Defensive lineman Darryl Johnson sees hope for small-school players all around the NFL.
One of his former teammates at North Carolina A&T, running back Tarik Cohen, plays for the Chicago Bears. Another ex-college teammate, offensive lineman Brandon Parker, landed with the Oakland Raiders. Cornerback Tony McRae, a third A&T alum, is with the Cincinnati Bengals and Indianapolis Colts linebacker Darius Leonard, another Mid-Eastern Athletic Conference alum, is the league’s newest defensive rookie of the year.
Johnson knows the names, stories and backgrounds and it’s convinced him that he can be the next guy on the list.
“He’s a guy from an HBCU (Historically Black College and University), who put in a lot of hard work and that’s what I do,” Johnson said Saturday when asked about Leonard. “He’s a relentless effort guy and I’m the same way.”
Making it to the NFL’s annual scouting combine in Indianapolis could help pro scouts determine if they see the same similarities.
While Johnson is not the biggest name in a crowded class of talented pass-rushing ends and fast linebackers and he’s not one of the enormous run stuffers, he certainly presents an intriguing profile.
At 6-foot-6, 253 pounds, Johnson is long and lean, like Leonard.
Johnson recorded 16 1/2 sacks over the past two seasons, earning first-team all-conference honors both years and last year’s MEAC defensive player of the year award — which Leonard took in 2016 and 2017.
Like Leonard, Johnson relies on speed to play sideline to sideline and, like Leonard, Johnson describes himself an underdog with something to prove.
“Coming from a HBCU, coming out early, I feel like I’m making a statement for all the HBCUs so they won’t sleep on black college football,” said Johnson, a redshirt junior who gave up his final year of eligibility to enter the draft. “A lot of legends played back college football.”
Where exactly Johnson fits into this year’s draft is still to be determined.
But his much is clear: Passing on small-school college players comes with its own perils.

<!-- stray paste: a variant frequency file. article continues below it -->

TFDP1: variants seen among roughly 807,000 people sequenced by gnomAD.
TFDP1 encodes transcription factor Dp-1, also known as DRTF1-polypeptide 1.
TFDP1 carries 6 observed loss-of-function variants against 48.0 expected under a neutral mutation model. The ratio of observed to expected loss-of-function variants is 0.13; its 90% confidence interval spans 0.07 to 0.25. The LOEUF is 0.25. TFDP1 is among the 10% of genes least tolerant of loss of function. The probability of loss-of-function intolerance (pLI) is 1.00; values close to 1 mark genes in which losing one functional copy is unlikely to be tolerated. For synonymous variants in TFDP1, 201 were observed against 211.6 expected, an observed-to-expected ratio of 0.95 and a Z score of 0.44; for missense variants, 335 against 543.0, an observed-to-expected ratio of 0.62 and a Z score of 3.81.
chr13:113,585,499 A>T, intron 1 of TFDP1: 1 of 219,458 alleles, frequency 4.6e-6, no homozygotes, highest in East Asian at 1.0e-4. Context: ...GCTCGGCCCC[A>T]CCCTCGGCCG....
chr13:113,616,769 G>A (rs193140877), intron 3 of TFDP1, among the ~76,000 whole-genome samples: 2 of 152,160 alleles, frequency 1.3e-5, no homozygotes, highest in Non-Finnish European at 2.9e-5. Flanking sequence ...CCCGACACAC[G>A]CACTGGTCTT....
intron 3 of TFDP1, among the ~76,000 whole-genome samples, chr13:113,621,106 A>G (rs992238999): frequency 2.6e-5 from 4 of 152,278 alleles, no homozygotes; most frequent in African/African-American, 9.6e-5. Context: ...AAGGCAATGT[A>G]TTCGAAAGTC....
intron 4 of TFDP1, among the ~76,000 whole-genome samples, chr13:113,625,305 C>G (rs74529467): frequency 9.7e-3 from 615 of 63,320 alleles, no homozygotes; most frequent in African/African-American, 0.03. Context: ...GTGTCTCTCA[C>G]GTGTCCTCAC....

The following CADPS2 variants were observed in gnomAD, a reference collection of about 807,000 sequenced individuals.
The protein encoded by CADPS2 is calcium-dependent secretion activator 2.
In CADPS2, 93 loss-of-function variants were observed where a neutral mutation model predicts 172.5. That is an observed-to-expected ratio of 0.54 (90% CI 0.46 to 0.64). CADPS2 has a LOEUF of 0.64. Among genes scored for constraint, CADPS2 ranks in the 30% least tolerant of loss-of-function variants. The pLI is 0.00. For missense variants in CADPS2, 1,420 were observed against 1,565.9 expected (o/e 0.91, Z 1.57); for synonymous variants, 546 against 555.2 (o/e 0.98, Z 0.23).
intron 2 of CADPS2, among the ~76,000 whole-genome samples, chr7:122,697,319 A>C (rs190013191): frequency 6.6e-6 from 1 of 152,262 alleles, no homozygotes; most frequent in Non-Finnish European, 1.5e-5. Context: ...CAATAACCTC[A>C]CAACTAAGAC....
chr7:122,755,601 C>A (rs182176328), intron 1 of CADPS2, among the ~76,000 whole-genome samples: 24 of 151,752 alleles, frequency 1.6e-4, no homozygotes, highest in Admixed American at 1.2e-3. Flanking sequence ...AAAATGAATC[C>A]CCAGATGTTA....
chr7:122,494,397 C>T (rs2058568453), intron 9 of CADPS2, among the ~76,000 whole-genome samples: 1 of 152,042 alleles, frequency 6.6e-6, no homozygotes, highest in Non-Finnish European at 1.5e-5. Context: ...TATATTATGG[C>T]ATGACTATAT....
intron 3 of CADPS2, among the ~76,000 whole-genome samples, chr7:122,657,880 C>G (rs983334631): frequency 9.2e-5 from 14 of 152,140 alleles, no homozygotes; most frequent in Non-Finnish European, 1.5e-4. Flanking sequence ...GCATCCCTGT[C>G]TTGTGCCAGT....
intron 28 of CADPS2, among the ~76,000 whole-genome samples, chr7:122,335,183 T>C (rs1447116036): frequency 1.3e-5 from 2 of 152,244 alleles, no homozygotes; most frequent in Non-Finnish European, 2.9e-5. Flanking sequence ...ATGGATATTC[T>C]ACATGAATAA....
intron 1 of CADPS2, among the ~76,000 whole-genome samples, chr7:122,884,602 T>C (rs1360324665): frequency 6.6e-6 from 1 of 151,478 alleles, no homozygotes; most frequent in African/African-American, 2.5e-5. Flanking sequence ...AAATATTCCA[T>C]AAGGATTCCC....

Two of the NFL’s greatest players — the late Walter Payton and Jerry Rice — attended HBCUs in Mississippi. Joe Flacco led the Baltimore Ravens to a Super Bowl title after playing at Delaware. Philadelphia Eagles quarterback Carson Wentz was taken No. 2 overall after competing for Football Championship Subdivision power North Dakota State and receivers Tyreek Hill and Adam Thielen played Division II at West Alabama and Minnesota State, before winning jobs with the Kansas City Chiefs and Minnesota Vikings.
This year’s draft class should be no exception.
Pass-rushing specialist Oshane Ximines became the first Old Dominion player to make the Senior Bowl, could be the first player drafted from the Virginia school and if things go well between now and April, he could be a first-round pick.
Ximines was a late bloomer. He didn’t start playing football until he was a high school freshman then moved from safety to the defensive line after growing six inches and adding 30 pounds between his freshman and sophomore seasons.
“My parents knew nothing about football,” Ximines said. “They’re from Jamaica so they leaned mostly toward soccer. But when I told my mom I got my first scholarship offer, she was like ‘They offer scholarships for that?'”
Ximines didn’t just take the scholarship he made the most of his opportunity after redshirting his first year on campus. He finished his career with 33 sacks, 51 1/2 tackles for loss and 11 forced fumbles — all school records — and the kind of moniker coaches and general managers love to hear.
“We say he’s the ultimate Monarch,” said Old Dominion receiver Travis Fulgham who is also at the combine. “He’s a perfect student-athlete. He’s always making big plays for us. He’s a leader on and off the field.”
Then there’s defensive lineman John Cominsky, an Ohio native who played quarterback in high school and needed a recommendation just to get a shot at playing for the University of Charleston.
Now, after turning heads there, he’s on the verge of becoming the first draftee from that Division II school.
“I think you just have to dominate at your level and make enough noise,” Cominsky said. “You can do it wherever you play. You just have to make some plays.”
And after hearing the advice of Cohen and Parker and watching McRae and Leonard succeed, Johnson believes this is his chance to make a splash.
“Everybody in the MEAC is fast,” Johnson said. “We’re not the biggest guys, but we run to the ball and I think that helps us as the league changes.”